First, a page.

CIARAN RYAN: I've seen a few episodes like this going back over the years, it's almost a cyclical thing where people get very despondent and then all of a sudden you see the number of people emigrating. You’re exactly right, it will be some people close to you, the peer pressure and you think I am going to get left behind and I’m going to be the only person left in this boat. But, of course, that cycle passes and the economy recovers. That’s the one thing I have noticed about South Africa is that it does tend to recover at some point, it tends to right itself. We’re pretty much out of time on that. As a final question, have you got any good books that you would recommend, something that’s fairly inspiring or kind of impinged on you, gave you some intellectual food for thought?
ISMAIL LAMBAT: I think I do enjoy quite controversial titles and the two that I've been enjoying quite recently is The Subtle Art by Mark Manson, as well as Switchwords by Liz Dean. These books really advocate being in control of one's life, embodying positive thinking as much as possible, deep visualisation, focusing on what you want and how to achieve it, and it generally has quite a feel-good aspect to it and I have been enjoying those two reads.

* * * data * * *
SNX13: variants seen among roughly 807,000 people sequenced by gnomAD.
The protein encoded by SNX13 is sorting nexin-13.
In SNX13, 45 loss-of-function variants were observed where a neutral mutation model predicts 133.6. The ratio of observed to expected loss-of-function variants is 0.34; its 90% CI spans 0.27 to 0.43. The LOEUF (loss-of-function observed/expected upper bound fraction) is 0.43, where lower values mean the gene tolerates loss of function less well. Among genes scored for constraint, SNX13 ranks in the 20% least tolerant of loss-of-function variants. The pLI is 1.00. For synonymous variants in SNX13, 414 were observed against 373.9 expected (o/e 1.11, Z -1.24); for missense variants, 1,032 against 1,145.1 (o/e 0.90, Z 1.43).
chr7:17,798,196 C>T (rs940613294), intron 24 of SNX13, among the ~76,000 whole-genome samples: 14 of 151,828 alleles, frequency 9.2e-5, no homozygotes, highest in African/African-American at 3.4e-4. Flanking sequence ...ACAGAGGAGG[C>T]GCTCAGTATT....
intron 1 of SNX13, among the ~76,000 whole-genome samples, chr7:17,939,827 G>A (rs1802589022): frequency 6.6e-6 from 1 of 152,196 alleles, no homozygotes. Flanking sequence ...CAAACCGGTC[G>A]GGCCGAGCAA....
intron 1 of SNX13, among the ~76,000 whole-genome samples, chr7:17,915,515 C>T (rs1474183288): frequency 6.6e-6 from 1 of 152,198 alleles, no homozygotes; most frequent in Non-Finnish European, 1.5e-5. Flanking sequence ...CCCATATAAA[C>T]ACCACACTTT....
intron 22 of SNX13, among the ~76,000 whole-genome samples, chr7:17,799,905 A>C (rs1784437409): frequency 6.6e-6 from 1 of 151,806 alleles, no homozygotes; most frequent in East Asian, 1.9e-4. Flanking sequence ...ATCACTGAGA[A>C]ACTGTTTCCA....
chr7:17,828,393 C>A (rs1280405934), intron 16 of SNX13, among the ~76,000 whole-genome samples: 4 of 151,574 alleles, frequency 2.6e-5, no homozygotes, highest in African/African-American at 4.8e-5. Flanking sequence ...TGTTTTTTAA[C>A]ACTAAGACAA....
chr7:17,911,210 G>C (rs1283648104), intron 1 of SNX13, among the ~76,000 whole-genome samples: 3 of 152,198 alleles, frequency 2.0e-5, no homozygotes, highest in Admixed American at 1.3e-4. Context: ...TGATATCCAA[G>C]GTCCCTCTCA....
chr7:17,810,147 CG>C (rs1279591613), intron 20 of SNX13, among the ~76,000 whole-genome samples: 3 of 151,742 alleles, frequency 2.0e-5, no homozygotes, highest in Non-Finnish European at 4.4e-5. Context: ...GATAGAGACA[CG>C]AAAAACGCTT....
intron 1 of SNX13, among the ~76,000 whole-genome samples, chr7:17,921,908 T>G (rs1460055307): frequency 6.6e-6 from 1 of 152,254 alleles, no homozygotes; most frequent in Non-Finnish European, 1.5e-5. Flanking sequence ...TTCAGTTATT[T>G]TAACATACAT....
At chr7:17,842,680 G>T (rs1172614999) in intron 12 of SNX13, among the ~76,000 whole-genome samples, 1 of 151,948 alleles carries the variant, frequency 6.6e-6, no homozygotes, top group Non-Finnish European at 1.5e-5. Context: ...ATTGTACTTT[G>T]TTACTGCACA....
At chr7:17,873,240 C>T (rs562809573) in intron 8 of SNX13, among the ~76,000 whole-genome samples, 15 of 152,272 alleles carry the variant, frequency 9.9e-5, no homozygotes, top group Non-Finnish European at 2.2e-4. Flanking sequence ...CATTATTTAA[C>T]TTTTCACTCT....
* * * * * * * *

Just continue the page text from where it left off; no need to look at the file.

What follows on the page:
CIARAN RYAN: Okay, so it’s The Subtle Art and Switchwords.
ISMAIL LAMBAT: So essentially Switchwords talks to how does one programme their subconscious or neurolinguistic space by saying certain words that drive the right behaviours. It sounded a little bit freaky at first but once you get your teeth into it it’s quite a pleasurable read.
CIARAN RYAN: Okay, Ismail, thank you very much for coming in, we really appreciate you taking the time to come and talk to us and I found that fascinating. Thank you once again.
ISMAIL LAMBAT: Thank you, Ciaran, it's been an absolute pleasure spending the last few minutes with you.
CIARAN RYAN: That was Ismail Lambat, who is the executive finance business partner for group capital properties at Eskom.